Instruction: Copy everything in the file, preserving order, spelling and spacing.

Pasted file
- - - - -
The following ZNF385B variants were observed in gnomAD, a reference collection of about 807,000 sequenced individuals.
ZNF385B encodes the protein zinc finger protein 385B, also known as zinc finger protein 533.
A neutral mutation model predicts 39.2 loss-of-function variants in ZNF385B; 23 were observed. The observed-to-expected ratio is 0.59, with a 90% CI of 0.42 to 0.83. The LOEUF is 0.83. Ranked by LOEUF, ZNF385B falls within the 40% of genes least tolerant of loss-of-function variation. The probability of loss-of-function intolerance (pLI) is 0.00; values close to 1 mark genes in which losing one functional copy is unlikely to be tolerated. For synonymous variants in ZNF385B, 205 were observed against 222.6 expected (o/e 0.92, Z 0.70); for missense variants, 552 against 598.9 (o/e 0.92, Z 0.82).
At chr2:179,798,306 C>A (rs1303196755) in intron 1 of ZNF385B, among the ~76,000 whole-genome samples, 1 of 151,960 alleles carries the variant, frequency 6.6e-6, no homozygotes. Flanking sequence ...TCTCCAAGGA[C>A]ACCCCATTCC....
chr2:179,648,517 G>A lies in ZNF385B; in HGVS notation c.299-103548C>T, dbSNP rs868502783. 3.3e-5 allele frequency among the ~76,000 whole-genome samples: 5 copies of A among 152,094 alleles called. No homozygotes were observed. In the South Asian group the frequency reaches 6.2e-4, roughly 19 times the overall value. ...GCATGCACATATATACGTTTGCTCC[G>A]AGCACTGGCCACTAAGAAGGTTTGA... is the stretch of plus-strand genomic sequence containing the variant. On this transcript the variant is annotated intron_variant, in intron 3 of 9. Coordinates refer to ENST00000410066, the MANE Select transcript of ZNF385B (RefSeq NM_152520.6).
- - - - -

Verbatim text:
The following ZNF385B variants were observed in gnomAD, a reference collection of about 807,000 sequenced individuals.
ZNF385B encodes the protein zinc finger protein 385B, also known as zinc finger protein 533.
A neutral mutation model predicts 39.2 loss-of-function variants in ZNF385B; 23 were observed. The observed-to-expected ratio is 0.59, with a 90% CI of 0.42 to 0.83. The LOEUF is 0.83. Ranked by LOEUF, ZNF385B falls within the 40% of genes least tolerant of loss-of-function variation. The probability of loss-of-function intolerance (pLI) is 0.00; values close to 1 mark genes in which losing one functional copy is unlikely to be tolerated. For synonymous variants in ZNF385B, 205 were observed against 222.6 expected (o/e 0.92, Z 0.70); for missense variants, 552 against 598.9 (o/e 0.92, Z 0.82).
At chr2:179,798,306 C>A (rs1303196755) in intron 1 of ZNF385B, among the ~76,000 whole-genome samples, 1 of 151,960 alleles carries the variant, frequency 6.6e-6, no homozygotes. Flanking sequence ...TCTCCAAGGA[C>A]ACCCCATTCC....
chr2:179,648,517 G>A lies in ZNF385B; in HGVS notation c.299-103548C>T, dbSNP rs868502783. 3.3e-5 allele frequency among the ~76,000 whole-genome samples: 5 copies of A among 152,094 alleles called. No homozygotes were observed. In the South Asian group the frequency reaches 6.2e-4, roughly 19 times the overall value. ...GCATGCACATATATACGTTTGCTCC[G>A]AGCACTGGCCACTAAGAAGGTTTGA... is the stretch of plus-strand genomic sequence containing the variant. On this transcript the variant is annotated intron_variant, in intron 3 of 9. Coordinates refer to ENST00000410066, the MANE Select transcript of ZNF385B (RefSeq NM_152520.6).